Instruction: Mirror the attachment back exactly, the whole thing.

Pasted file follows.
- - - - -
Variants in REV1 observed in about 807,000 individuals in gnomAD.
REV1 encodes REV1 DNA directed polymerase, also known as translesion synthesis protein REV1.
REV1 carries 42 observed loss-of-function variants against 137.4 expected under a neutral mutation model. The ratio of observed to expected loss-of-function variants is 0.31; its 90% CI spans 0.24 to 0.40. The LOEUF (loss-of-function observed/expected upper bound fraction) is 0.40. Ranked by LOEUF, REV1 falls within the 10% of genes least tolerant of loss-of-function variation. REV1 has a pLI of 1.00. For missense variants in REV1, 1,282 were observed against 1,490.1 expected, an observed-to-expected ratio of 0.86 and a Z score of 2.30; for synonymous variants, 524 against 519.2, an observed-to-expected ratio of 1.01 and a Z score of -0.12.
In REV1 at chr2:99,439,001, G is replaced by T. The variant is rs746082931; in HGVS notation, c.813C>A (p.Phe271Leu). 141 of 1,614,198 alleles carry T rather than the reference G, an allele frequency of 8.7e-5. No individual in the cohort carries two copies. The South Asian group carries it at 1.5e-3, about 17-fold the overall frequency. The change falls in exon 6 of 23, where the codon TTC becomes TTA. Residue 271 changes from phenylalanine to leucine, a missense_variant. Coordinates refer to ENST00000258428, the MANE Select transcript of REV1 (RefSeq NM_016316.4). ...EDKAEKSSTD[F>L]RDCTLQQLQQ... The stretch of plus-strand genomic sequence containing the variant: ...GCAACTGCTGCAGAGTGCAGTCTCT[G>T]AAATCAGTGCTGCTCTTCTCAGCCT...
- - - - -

Variants in REV1 observed in about 807,000 individuals in gnomAD.
REV1 encodes REV1 DNA directed polymerase, also known as translesion synthesis protein REV1.
REV1 carries 42 observed loss-of-function variants against 137.4 expected under a neutral mutation model. The ratio of observed to expected loss-of-function variants is 0.31; its 90% CI spans 0.24 to 0.40. The LOEUF (loss-of-function observed/expected upper bound fraction) is 0.40. Ranked by LOEUF, REV1 falls within the 10% of genes least tolerant of loss-of-function variation. REV1 has a pLI of 1.00. For missense variants in REV1, 1,282 were observed against 1,490.1 expected, an observed-to-expected ratio of 0.86 and a Z score of 2.30; for synonymous variants, 524 against 519.2, an observed-to-expected ratio of 1.01 and a Z score of -0.12.
In REV1 at chr2:99,439,001, G is replaced by T. The variant is rs746082931; in HGVS notation, c.813C>A (p.Phe271Leu). 141 of 1,614,198 alleles carry T rather than the reference G, an allele frequency of 8.7e-5. No individual in the cohort carries two copies. The South Asian group carries it at 1.5e-3, about 17-fold the overall frequency. The change falls in exon 6 of 23, where the codon TTC becomes TTA. Residue 271 changes from phenylalanine to leucine, a missense_variant. Coordinates refer to ENST00000258428, the MANE Select transcript of REV1 (RefSeq NM_016316.4). ...EDKAEKSSTD[F>L]RDCTLQQLQQ... The stretch of plus-strand genomic sequence containing the variant: ...GCAACTGCTGCAGAGTGCAGTCTCT[G>T]AAATCAGTGCTGCTCTTCTCAGCCT...